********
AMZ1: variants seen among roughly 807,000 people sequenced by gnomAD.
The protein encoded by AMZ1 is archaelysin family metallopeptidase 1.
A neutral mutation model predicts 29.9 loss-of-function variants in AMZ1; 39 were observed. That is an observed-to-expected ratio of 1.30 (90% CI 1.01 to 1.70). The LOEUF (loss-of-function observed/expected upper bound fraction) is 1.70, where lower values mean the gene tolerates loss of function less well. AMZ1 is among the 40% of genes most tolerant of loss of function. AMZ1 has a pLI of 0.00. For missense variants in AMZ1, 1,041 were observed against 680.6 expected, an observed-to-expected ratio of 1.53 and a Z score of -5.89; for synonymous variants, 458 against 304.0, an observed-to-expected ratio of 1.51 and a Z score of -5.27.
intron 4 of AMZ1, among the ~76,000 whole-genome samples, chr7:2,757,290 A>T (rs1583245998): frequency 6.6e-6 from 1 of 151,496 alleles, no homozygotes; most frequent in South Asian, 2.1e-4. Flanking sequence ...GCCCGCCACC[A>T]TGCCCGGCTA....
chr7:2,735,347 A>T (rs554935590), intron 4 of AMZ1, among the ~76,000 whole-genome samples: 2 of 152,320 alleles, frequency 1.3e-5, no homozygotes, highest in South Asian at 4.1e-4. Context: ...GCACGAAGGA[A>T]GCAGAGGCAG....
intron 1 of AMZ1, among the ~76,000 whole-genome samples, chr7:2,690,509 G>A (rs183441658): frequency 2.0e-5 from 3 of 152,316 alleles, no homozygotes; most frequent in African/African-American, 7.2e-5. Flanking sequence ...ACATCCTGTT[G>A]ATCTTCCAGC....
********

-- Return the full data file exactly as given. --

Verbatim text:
AMZ1: variants seen among roughly 807,000 people sequenced by gnomAD.
The protein encoded by AMZ1 is archaelysin family metallopeptidase 1.
A neutral mutation model predicts 29.9 loss-of-function variants in AMZ1; 39 were observed. That is an observed-to-expected ratio of 1.30 (90% CI 1.01 to 1.70). The LOEUF (loss-of-function observed/expected upper bound fraction) is 1.70, where lower values mean the gene tolerates loss of function less well. AMZ1 is among the 40% of genes most tolerant of loss of function. AMZ1 has a pLI of 0.00. For missense variants in AMZ1, 1,041 were observed against 680.6 expected, an observed-to-expected ratio of 1.53 and a Z score of -5.89; for synonymous variants, 458 against 304.0, an observed-to-expected ratio of 1.51 and a Z score of -5.27.
intron 4 of AMZ1, among the ~76,000 whole-genome samples, chr7:2,757,290 A>T (rs1583245998): frequency 6.6e-6 from 1 of 151,496 alleles, no homozygotes; most frequent in South Asian, 2.1e-4. Flanking sequence ...GCCCGCCACC[A>T]TGCCCGGCTA....
chr7:2,735,347 A>T (rs554935590), intron 4 of AMZ1, among the ~76,000 whole-genome samples: 2 of 152,320 alleles, frequency 1.3e-5, no homozygotes, highest in South Asian at 4.1e-4. Context: ...GCACGAAGGA[A>T]GCAGAGGCAG....
intron 1 of AMZ1, among the ~76,000 whole-genome samples, chr7:2,690,509 G>A (rs183441658): frequency 2.0e-5 from 3 of 152,316 alleles, no homozygotes; most frequent in African/African-American, 7.2e-5. Flanking sequence ...ACATCCTGTT[G>A]ATCTTCCAGC....